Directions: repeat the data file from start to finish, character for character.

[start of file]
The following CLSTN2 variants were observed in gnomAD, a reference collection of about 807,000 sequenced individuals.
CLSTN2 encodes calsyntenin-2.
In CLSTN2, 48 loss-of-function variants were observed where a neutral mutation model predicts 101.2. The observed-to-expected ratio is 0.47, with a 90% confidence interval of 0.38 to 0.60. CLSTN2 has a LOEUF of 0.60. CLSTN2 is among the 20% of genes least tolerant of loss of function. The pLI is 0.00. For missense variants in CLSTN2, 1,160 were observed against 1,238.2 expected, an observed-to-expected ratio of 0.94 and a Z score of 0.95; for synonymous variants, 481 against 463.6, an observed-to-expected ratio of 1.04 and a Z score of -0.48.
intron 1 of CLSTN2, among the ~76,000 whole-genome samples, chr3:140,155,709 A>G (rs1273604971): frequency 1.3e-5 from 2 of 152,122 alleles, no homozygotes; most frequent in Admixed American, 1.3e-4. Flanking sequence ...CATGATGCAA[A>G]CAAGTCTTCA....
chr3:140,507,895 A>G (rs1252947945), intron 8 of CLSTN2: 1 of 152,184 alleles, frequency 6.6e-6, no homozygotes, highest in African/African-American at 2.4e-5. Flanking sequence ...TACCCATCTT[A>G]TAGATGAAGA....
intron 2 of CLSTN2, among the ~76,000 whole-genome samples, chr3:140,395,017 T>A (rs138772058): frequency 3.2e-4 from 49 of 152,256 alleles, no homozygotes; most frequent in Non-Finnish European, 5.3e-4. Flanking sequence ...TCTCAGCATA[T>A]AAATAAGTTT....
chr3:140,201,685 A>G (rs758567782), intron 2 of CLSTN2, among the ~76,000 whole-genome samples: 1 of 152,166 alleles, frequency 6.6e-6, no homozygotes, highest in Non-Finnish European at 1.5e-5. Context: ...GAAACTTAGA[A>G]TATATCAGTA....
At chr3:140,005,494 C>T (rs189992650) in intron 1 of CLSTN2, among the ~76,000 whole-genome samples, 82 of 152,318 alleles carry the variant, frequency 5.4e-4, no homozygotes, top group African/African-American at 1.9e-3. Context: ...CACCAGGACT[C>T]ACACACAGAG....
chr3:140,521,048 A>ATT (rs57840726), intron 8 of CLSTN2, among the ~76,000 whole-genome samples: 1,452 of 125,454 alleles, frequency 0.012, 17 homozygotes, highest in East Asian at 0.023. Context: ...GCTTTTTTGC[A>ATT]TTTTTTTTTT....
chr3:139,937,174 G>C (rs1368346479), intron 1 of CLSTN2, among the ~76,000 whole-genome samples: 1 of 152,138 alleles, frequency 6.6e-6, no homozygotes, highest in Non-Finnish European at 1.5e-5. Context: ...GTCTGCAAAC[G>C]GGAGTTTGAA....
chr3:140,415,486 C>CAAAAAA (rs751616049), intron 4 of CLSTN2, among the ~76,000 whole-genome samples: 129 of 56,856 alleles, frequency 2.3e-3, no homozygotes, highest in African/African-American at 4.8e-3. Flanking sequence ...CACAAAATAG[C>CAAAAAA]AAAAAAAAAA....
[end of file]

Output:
The following CLSTN2 variants were observed in gnomAD, a reference collection of about 807,000 sequenced individuals.
CLSTN2 encodes calsyntenin-2.
In CLSTN2, 48 loss-of-function variants were observed where a neutral mutation model predicts 101.2. The observed-to-expected ratio is 0.47, with a 90% confidence interval of 0.38 to 0.60. CLSTN2 has a LOEUF of 0.60. CLSTN2 is among the 20% of genes least tolerant of loss of function. The pLI is 0.00. For missense variants in CLSTN2, 1,160 were observed against 1,238.2 expected, an observed-to-expected ratio of 0.94 and a Z score of 0.95; for synonymous variants, 481 against 463.6, an observed-to-expected ratio of 1.04 and a Z score of -0.48.
intron 1 of CLSTN2, among the ~76,000 whole-genome samples, chr3:140,155,709 A>G (rs1273604971): frequency 1.3e-5 from 2 of 152,122 alleles, no homozygotes; most frequent in Admixed American, 1.3e-4. Flanking sequence ...CATGATGCAA[A>G]CAAGTCTTCA....
chr3:140,507,895 A>G (rs1252947945), intron 8 of CLSTN2: 1 of 152,184 alleles, frequency 6.6e-6, no homozygotes, highest in African/African-American at 2.4e-5. Flanking sequence ...TACCCATCTT[A>G]TAGATGAAGA....
intron 2 of CLSTN2, among the ~76,000 whole-genome samples, chr3:140,395,017 T>A (rs138772058): frequency 3.2e-4 from 49 of 152,256 alleles, no homozygotes; most frequent in Non-Finnish European, 5.3e-4. Flanking sequence ...TCTCAGCATA[T>A]AAATAAGTTT....
chr3:140,201,685 A>G (rs758567782), intron 2 of CLSTN2, among the ~76,000 whole-genome samples: 1 of 152,166 alleles, frequency 6.6e-6, no homozygotes, highest in Non-Finnish European at 1.5e-5. Context: ...GAAACTTAGA[A>G]TATATCAGTA....
At chr3:140,005,494 C>T (rs189992650) in intron 1 of CLSTN2, among the ~76,000 whole-genome samples, 82 of 152,318 alleles carry the variant, frequency 5.4e-4, no homozygotes, top group African/African-American at 1.9e-3. Context: ...CACCAGGACT[C>T]ACACACAGAG....
chr3:140,521,048 A>ATT (rs57840726), intron 8 of CLSTN2, among the ~76,000 whole-genome samples: 1,452 of 125,454 alleles, frequency 0.012, 17 homozygotes, highest in East Asian at 0.023. Context: ...GCTTTTTTGC[A>ATT]TTTTTTTTTT....
chr3:139,937,174 G>C (rs1368346479), intron 1 of CLSTN2, among the ~76,000 whole-genome samples: 1 of 152,138 alleles, frequency 6.6e-6, no homozygotes, highest in Non-Finnish European at 1.5e-5. Context: ...GTCTGCAAAC[G>C]GGAGTTTGAA....
chr3:140,415,486 C>CAAAAAA (rs751616049), intron 4 of CLSTN2, among the ~76,000 whole-genome samples: 129 of 56,856 alleles, frequency 2.3e-3, no homozygotes, highest in African/African-American at 4.8e-3. Flanking sequence ...CACAAAATAG[C>CAAAAAA]AAAAAAAAAA....